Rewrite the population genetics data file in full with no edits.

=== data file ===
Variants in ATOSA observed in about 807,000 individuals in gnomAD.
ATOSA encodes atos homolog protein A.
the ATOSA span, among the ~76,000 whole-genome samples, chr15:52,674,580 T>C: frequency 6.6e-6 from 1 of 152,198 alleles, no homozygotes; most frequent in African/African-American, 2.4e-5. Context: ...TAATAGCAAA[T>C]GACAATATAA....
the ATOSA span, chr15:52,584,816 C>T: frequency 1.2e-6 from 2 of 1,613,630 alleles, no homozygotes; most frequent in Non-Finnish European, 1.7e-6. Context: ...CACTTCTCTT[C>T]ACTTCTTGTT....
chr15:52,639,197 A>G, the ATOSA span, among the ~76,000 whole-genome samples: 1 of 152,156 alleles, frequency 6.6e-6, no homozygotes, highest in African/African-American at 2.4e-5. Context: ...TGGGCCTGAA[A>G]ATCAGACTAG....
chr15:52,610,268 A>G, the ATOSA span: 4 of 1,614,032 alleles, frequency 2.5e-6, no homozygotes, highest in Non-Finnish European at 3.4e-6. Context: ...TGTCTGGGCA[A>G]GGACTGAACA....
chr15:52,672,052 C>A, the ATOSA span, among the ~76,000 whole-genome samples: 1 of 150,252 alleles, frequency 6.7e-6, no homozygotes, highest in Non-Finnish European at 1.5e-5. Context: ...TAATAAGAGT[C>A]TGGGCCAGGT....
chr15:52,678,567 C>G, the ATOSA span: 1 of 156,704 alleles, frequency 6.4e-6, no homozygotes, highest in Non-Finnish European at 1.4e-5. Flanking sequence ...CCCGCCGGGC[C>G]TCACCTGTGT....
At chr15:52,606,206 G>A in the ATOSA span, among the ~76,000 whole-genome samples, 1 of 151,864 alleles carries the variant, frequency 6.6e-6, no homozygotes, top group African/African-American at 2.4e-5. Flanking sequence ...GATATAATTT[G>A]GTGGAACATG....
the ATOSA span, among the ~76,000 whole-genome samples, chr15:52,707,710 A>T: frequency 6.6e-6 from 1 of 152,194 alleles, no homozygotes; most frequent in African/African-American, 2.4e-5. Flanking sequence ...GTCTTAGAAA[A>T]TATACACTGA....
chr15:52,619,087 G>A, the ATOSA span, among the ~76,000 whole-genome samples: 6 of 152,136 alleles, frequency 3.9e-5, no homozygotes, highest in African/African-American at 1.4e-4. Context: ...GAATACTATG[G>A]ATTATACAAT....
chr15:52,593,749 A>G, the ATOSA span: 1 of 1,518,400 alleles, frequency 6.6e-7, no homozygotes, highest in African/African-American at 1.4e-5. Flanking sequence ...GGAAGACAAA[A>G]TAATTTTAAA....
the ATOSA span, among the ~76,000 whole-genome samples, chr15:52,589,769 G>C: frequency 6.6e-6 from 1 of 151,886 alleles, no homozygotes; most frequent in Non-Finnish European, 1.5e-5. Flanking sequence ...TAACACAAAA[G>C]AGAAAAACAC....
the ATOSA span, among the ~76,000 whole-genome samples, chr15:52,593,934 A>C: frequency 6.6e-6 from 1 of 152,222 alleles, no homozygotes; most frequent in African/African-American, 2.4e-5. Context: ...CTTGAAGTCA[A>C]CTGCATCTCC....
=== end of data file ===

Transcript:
Variants in ATOSA observed in about 807,000 individuals in gnomAD.
ATOSA encodes atos homolog protein A.
the ATOSA span, among the ~76,000 whole-genome samples, chr15:52,674,580 T>C: frequency 6.6e-6 from 1 of 152,198 alleles, no homozygotes; most frequent in African/African-American, 2.4e-5. Context: ...TAATAGCAAA[T>C]GACAATATAA....
the ATOSA span, chr15:52,584,816 C>T: frequency 1.2e-6 from 2 of 1,613,630 alleles, no homozygotes; most frequent in Non-Finnish European, 1.7e-6. Context: ...CACTTCTCTT[C>T]ACTTCTTGTT....
chr15:52,639,197 A>G, the ATOSA span, among the ~76,000 whole-genome samples: 1 of 152,156 alleles, frequency 6.6e-6, no homozygotes, highest in African/African-American at 2.4e-5. Context: ...TGGGCCTGAA[A>G]ATCAGACTAG....
chr15:52,610,268 A>G, the ATOSA span: 4 of 1,614,032 alleles, frequency 2.5e-6, no homozygotes, highest in Non-Finnish European at 3.4e-6. Context: ...TGTCTGGGCA[A>G]GGACTGAACA....
chr15:52,672,052 C>A, the ATOSA span, among the ~76,000 whole-genome samples: 1 of 150,252 alleles, frequency 6.7e-6, no homozygotes, highest in Non-Finnish European at 1.5e-5. Context: ...TAATAAGAGT[C>A]TGGGCCAGGT....
chr15:52,678,567 C>G, the ATOSA span: 1 of 156,704 alleles, frequency 6.4e-6, no homozygotes, highest in Non-Finnish European at 1.4e-5. Flanking sequence ...CCCGCCGGGC[C>G]TCACCTGTGT....
At chr15:52,606,206 G>A in the ATOSA span, among the ~76,000 whole-genome samples, 1 of 151,864 alleles carries the variant, frequency 6.6e-6, no homozygotes, top group African/African-American at 2.4e-5. Flanking sequence ...GATATAATTT[G>A]GTGGAACATG....
the ATOSA span, among the ~76,000 whole-genome samples, chr15:52,707,710 A>T: frequency 6.6e-6 from 1 of 152,194 alleles, no homozygotes; most frequent in African/African-American, 2.4e-5. Flanking sequence ...GTCTTAGAAA[A>T]TATACACTGA....
chr15:52,619,087 G>A, the ATOSA span, among the ~76,000 whole-genome samples: 6 of 152,136 alleles, frequency 3.9e-5, no homozygotes, highest in African/African-American at 1.4e-4. Context: ...GAATACTATG[G>A]ATTATACAAT....
chr15:52,593,749 A>G, the ATOSA span: 1 of 1,518,400 alleles, frequency 6.6e-7, no homozygotes, highest in African/African-American at 1.4e-5. Flanking sequence ...GGAAGACAAA[A>G]TAATTTTAAA....
the ATOSA span, among the ~76,000 whole-genome samples, chr15:52,589,769 G>C: frequency 6.6e-6 from 1 of 151,886 alleles, no homozygotes; most frequent in Non-Finnish European, 1.5e-5. Flanking sequence ...TAACACAAAA[G>C]AGAAAAACAC....
the ATOSA span, among the ~76,000 whole-genome samples, chr15:52,593,934 A>C: frequency 6.6e-6 from 1 of 152,222 alleles, no homozygotes; most frequent in African/African-American, 2.4e-5. Context: ...CTTGAAGTCA[A>C]CTGCATCTCC....